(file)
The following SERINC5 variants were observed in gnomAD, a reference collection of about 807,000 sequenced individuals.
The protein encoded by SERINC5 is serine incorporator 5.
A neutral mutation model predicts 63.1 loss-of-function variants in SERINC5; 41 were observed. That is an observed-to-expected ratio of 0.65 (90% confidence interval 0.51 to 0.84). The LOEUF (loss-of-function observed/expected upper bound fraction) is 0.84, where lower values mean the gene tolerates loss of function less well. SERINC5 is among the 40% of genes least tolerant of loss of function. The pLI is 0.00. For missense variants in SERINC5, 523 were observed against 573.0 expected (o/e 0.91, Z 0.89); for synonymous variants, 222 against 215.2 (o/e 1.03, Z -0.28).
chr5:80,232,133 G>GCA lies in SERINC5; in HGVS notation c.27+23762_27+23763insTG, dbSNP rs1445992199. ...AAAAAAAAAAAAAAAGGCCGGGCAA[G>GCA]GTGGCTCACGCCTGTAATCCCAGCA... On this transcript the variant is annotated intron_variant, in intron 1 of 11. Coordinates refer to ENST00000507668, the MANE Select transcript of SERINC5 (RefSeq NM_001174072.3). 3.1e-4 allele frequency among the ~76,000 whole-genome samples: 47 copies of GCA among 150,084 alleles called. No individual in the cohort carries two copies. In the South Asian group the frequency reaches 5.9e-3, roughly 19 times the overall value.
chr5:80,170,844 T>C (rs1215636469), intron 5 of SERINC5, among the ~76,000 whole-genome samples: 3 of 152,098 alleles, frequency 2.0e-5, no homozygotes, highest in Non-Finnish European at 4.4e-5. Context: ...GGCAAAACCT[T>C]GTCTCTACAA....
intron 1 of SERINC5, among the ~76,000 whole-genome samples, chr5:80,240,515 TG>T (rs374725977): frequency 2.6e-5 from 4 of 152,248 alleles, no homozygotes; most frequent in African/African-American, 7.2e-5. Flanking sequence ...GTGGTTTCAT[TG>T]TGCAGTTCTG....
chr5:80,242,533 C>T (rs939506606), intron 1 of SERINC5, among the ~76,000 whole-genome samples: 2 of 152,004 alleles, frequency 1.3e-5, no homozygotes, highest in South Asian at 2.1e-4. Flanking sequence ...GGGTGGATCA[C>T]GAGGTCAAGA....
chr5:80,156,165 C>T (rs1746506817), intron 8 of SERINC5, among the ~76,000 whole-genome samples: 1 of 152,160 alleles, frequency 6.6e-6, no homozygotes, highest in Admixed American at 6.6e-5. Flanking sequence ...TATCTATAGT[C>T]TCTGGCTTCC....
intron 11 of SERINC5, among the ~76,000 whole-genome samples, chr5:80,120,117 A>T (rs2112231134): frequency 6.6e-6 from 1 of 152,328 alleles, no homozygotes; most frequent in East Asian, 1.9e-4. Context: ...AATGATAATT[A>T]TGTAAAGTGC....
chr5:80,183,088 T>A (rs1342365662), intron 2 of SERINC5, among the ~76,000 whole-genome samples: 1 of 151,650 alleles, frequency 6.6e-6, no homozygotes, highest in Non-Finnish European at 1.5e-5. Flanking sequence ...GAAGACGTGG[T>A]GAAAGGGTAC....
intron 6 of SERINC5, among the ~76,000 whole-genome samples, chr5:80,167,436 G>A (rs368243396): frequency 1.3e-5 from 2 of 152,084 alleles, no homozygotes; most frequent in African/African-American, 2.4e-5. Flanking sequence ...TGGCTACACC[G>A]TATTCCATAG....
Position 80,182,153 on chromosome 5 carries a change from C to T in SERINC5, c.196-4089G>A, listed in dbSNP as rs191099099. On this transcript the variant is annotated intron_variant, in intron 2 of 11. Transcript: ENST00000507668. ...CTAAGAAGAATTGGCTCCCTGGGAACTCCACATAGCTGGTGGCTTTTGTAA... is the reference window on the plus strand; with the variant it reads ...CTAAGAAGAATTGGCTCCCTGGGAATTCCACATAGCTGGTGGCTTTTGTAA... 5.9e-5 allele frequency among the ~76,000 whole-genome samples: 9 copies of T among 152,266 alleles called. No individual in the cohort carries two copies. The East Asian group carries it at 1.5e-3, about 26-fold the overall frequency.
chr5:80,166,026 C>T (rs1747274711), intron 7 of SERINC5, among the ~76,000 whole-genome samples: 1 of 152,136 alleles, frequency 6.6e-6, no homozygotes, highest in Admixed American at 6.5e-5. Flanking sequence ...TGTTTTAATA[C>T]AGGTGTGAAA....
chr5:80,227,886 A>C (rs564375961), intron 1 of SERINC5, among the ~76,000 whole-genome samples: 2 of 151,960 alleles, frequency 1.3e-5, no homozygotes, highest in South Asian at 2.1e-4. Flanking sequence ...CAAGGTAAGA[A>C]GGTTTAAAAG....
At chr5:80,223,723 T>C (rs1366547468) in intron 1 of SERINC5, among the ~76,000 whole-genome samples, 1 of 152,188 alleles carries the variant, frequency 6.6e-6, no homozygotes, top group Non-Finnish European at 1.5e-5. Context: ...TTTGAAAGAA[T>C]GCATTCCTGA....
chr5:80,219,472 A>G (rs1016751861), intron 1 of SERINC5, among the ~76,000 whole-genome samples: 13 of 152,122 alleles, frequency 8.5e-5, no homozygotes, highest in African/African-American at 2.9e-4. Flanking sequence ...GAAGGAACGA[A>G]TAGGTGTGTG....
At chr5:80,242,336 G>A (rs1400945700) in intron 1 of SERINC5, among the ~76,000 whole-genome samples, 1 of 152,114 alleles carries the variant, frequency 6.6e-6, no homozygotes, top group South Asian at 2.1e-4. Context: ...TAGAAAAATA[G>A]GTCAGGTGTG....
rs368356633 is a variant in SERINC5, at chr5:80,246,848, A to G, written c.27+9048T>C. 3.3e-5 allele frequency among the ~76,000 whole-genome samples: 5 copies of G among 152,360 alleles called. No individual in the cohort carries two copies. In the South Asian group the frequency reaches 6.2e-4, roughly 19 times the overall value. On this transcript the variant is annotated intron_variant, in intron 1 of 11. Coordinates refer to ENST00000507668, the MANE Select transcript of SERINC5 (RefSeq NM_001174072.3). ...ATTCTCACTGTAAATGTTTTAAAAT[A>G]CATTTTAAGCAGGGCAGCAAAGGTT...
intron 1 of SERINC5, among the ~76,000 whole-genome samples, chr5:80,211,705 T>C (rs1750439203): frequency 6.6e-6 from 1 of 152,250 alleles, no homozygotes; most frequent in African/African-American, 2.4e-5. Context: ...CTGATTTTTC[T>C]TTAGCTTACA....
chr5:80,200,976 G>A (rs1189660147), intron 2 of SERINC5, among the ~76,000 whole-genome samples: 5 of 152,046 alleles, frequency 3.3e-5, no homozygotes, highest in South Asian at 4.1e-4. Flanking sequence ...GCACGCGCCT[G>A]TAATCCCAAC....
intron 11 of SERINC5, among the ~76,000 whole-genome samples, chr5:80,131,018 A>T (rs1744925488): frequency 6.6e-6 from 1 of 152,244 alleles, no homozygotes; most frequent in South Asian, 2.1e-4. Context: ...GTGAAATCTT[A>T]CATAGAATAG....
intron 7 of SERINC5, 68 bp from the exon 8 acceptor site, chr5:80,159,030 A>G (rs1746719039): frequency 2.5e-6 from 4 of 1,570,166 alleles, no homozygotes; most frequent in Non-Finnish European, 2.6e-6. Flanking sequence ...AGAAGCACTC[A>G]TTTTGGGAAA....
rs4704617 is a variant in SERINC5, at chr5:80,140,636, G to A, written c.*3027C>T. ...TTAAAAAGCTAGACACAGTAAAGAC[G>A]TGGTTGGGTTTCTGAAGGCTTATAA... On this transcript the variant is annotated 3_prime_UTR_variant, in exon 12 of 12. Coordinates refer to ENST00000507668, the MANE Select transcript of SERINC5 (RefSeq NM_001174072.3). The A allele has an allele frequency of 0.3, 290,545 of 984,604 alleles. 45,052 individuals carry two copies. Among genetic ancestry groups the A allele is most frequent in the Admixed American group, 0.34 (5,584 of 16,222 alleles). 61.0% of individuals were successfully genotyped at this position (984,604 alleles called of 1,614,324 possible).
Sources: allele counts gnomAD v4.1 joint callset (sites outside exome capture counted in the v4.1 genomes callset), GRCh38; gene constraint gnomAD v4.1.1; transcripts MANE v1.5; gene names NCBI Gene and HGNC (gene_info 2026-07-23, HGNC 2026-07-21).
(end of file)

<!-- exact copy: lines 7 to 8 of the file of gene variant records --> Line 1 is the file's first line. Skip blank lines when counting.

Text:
chr5:80,242,533 C>T (rs939506606), intron 1 of SERINC5, among the ~76,000 whole-genome samples: 2 of 152,004 alleles, frequency 1.3e-5, no homozygotes, highest in South Asian at 2.1e-4. Flanking sequence ...GGGTGGATCA[C>T]GAGGTCAAGA....
chr5:80,156,165 C>T (rs1746506817), intron 8 of SERINC5, among the ~76,000 whole-genome samples: 1 of 152,160 alleles, frequency 6.6e-6, no homozygotes, highest in Admixed American at 6.6e-5. Flanking sequence ...TATCTATAGT[C>T]TCTGGCTTCC....